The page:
The Australian government is planning a two-year trial of random drug tests for welfare recipients starting in January 2018.
If approved by parliament, the trial will enlist 5000 people who apply for government income support because they can’t find work or are studying.
The group will be required to undergo random saliva, urine or hair tests to see if they have consumed illicit drugs, including methamphetamine, MDMA, cannabis or heroin.
If they test positive, 80 per cent of their welfare money will be moved to a BasicsCard, which can only be used to pay for food, rent, childcare and other essential items, and if they test positive more than once, they will be referred to a medical professional for addiction treatment.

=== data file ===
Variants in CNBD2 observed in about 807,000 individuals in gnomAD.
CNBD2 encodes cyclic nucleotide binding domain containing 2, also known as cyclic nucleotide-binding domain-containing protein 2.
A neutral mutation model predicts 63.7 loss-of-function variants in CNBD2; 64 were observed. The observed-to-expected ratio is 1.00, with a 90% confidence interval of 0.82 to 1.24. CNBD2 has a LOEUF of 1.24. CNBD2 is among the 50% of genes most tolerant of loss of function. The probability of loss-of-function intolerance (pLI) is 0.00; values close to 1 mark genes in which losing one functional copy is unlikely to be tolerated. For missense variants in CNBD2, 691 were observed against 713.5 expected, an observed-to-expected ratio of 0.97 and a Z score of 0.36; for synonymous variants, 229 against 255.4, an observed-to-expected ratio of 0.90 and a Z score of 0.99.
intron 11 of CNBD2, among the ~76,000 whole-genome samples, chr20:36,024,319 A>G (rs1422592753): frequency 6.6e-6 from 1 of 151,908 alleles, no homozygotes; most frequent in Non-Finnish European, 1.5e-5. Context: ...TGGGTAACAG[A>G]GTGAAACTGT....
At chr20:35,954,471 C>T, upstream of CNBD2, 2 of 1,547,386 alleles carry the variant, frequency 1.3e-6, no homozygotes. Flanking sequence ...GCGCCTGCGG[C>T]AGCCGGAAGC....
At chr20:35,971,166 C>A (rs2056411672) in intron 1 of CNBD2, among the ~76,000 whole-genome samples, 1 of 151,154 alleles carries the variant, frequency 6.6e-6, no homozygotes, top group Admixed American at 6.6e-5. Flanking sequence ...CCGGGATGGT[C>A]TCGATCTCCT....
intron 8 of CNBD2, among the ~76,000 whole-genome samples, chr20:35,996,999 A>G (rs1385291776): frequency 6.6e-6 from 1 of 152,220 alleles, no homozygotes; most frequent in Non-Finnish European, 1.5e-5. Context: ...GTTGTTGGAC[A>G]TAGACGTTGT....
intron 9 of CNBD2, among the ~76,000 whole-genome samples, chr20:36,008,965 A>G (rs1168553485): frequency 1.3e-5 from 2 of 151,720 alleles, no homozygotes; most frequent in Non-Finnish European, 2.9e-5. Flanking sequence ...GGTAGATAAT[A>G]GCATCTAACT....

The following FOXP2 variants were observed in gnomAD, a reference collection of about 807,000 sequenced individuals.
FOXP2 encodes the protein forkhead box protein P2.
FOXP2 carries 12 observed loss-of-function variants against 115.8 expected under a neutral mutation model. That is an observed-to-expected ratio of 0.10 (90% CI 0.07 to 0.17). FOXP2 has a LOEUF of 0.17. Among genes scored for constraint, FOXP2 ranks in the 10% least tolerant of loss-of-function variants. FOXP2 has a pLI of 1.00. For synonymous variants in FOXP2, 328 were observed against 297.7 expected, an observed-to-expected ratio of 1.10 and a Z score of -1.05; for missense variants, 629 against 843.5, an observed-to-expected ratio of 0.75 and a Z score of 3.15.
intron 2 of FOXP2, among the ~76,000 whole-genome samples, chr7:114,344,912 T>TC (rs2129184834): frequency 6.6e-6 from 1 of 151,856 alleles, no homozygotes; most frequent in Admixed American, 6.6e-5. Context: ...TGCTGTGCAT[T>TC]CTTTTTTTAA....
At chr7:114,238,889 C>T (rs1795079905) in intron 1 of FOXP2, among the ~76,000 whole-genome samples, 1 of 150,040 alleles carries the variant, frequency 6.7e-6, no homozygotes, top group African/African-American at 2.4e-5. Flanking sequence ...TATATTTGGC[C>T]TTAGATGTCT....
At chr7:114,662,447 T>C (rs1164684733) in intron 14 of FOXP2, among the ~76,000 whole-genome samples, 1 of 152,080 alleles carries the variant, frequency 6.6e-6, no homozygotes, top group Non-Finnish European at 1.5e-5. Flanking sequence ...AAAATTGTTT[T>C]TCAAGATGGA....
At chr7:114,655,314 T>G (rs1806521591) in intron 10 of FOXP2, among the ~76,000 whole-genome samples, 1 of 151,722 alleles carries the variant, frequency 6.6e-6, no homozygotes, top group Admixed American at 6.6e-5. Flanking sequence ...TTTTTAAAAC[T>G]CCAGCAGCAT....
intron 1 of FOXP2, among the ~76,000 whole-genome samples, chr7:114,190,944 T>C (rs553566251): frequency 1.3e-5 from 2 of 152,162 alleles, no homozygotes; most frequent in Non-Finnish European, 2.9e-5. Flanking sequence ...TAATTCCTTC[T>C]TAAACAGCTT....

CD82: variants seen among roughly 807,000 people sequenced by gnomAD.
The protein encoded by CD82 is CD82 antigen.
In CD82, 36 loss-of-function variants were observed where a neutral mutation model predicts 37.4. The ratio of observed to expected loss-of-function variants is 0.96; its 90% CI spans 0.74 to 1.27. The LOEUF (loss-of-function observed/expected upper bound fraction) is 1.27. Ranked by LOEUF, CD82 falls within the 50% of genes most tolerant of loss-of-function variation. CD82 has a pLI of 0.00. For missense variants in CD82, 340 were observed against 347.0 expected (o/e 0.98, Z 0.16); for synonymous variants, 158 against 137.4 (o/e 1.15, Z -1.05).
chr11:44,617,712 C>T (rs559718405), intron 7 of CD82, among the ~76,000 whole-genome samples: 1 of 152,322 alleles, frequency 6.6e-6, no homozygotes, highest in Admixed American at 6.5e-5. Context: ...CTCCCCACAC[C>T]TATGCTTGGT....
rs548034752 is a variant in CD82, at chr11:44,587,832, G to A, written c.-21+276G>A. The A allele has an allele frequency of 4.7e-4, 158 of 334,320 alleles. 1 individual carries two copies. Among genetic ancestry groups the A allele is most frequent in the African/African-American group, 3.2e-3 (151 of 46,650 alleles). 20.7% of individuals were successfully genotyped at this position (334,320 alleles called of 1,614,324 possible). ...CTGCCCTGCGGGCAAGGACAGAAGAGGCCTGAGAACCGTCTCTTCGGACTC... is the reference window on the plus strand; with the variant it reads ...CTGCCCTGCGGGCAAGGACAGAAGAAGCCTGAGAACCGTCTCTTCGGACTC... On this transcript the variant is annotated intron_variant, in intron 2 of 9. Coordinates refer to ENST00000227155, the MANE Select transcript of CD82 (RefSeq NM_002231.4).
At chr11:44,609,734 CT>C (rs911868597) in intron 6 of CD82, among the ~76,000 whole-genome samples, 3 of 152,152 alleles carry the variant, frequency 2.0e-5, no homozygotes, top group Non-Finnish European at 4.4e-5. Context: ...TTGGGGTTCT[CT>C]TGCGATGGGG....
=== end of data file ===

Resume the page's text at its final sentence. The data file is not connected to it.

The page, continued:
On Sunday, the government finalised the three locations where the trial will take place: Canterbury-Bankstown in New South Wales, Logan in Queensland, and Mandurah in Western Australia, areas with relatively high levels of unemployment and drug use.
The aim of the policy is to help job seekers “to receive the help they need to get on a path towards securing a job and building a better future for themselves and their families,” the minister for social services Christian Porter said in a statement last week.